White house, two stories, and crispy grass everyone neglected to water. That one's mine. With the flower power tiles peeling on the stairs, and Allan Jackson's twangy voice ringing through the kitchen. The light from the fierce July sun illuminated the living room's shiny blue walls. There, five picture frames hung in unison. The center frame contained our cliché family photo. All six of us were there, strategically placed on the platform of the cold gray studio. Our color clashing outfits almost took away from the smiles we were cheezin' for the man with puppet. The short dark man in the back looked happy to be with all of us. He was the one that left for work before I woke up, and often came home long after I had been tucked in and kissed goodnight. After dinner, we covered his plate with tinfoil, and slid it into the refrigerator, only to see the empty dishes in the sink when we awoke. He tried to be there, he really did. But no one competes with the man that signs your checks.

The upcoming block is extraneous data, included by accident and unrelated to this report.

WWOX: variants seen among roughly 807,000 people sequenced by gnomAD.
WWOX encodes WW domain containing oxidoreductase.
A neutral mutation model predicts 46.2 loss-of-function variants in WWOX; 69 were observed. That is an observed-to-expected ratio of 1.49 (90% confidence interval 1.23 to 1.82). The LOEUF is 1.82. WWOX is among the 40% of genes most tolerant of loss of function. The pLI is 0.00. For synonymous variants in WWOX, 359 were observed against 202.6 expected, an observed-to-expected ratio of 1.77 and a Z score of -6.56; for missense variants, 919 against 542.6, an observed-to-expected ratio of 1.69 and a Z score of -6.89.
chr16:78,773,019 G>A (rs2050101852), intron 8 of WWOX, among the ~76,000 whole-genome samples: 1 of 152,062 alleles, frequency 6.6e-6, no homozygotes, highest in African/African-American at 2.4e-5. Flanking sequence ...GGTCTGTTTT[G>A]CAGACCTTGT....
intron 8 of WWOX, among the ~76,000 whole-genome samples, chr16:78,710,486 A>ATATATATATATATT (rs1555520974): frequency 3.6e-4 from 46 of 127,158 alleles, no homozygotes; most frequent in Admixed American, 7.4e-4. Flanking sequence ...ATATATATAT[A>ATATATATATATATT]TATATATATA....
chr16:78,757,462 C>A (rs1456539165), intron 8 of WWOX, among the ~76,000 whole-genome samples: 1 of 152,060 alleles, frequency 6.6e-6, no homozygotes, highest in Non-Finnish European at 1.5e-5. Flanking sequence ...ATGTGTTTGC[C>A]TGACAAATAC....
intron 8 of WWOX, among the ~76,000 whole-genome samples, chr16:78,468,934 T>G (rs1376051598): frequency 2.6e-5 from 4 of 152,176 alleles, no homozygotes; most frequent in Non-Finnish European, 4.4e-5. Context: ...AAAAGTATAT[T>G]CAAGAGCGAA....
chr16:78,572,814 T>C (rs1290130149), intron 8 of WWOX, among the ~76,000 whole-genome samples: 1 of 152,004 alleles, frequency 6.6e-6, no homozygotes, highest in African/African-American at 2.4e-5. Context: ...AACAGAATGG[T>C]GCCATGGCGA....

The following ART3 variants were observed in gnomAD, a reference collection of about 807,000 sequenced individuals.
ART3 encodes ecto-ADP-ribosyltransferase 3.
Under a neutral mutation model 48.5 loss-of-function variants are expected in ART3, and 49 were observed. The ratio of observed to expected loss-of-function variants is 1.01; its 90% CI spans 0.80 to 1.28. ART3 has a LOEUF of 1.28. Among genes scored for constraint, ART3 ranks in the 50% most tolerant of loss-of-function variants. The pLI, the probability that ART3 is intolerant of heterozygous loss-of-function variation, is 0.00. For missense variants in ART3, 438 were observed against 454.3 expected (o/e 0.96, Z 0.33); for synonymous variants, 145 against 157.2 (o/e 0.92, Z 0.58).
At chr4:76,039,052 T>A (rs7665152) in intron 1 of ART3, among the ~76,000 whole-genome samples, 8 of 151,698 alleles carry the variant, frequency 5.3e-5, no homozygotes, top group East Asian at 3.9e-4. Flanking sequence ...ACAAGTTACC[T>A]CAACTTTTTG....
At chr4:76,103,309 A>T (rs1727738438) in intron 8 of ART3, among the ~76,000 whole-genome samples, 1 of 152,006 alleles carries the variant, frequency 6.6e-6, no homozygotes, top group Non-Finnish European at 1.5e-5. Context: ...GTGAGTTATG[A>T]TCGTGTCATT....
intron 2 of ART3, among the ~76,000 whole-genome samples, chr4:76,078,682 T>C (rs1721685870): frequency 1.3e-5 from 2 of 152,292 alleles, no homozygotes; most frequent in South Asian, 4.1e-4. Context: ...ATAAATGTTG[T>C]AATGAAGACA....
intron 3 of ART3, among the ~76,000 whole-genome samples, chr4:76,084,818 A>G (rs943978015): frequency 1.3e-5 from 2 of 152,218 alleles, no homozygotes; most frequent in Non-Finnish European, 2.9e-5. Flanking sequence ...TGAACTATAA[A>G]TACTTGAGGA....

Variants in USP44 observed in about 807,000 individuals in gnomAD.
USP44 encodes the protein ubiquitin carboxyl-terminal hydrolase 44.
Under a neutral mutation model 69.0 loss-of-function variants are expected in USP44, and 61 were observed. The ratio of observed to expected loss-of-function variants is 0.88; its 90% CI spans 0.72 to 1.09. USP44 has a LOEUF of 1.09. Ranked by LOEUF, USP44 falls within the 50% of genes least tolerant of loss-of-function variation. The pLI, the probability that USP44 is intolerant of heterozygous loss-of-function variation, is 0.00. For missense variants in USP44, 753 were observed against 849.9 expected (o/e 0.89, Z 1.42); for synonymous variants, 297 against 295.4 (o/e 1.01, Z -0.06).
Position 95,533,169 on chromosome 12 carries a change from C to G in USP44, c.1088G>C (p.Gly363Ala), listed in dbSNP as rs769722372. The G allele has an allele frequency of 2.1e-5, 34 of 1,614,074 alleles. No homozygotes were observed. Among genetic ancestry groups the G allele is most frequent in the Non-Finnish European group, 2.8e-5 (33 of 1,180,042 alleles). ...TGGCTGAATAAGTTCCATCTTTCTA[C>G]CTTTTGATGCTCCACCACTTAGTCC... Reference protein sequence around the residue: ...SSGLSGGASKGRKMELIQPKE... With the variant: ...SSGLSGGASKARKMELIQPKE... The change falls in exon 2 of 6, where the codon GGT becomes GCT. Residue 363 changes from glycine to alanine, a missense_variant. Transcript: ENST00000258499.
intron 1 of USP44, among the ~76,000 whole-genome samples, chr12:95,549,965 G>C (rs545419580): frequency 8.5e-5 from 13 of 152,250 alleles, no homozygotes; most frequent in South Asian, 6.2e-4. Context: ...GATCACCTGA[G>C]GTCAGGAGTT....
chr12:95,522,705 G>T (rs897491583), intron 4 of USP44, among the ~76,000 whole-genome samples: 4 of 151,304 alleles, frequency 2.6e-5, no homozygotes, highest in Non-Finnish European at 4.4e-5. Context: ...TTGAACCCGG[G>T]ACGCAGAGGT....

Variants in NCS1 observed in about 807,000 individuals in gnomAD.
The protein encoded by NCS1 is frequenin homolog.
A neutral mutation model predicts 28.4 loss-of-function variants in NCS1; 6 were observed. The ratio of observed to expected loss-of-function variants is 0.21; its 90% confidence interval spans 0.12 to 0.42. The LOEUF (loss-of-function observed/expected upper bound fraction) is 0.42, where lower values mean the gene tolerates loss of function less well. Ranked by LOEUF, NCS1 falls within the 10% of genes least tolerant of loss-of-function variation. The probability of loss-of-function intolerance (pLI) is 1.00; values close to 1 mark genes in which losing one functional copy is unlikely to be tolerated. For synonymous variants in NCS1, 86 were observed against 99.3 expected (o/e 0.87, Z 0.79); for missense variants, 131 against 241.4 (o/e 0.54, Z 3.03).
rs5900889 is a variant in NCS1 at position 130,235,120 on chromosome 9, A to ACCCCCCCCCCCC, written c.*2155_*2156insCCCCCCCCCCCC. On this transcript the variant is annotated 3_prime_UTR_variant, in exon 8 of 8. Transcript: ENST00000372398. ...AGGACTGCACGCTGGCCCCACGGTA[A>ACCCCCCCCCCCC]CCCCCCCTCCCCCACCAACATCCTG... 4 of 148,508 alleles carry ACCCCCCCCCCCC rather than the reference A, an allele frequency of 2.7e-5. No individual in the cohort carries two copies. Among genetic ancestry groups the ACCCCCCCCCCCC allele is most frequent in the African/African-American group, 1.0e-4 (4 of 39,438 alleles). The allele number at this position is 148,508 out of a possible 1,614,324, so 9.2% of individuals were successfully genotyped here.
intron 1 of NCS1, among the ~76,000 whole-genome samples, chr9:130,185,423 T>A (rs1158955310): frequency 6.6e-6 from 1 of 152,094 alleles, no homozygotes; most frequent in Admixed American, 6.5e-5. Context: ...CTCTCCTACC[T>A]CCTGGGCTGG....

a cardboard cutout
January 20, 2010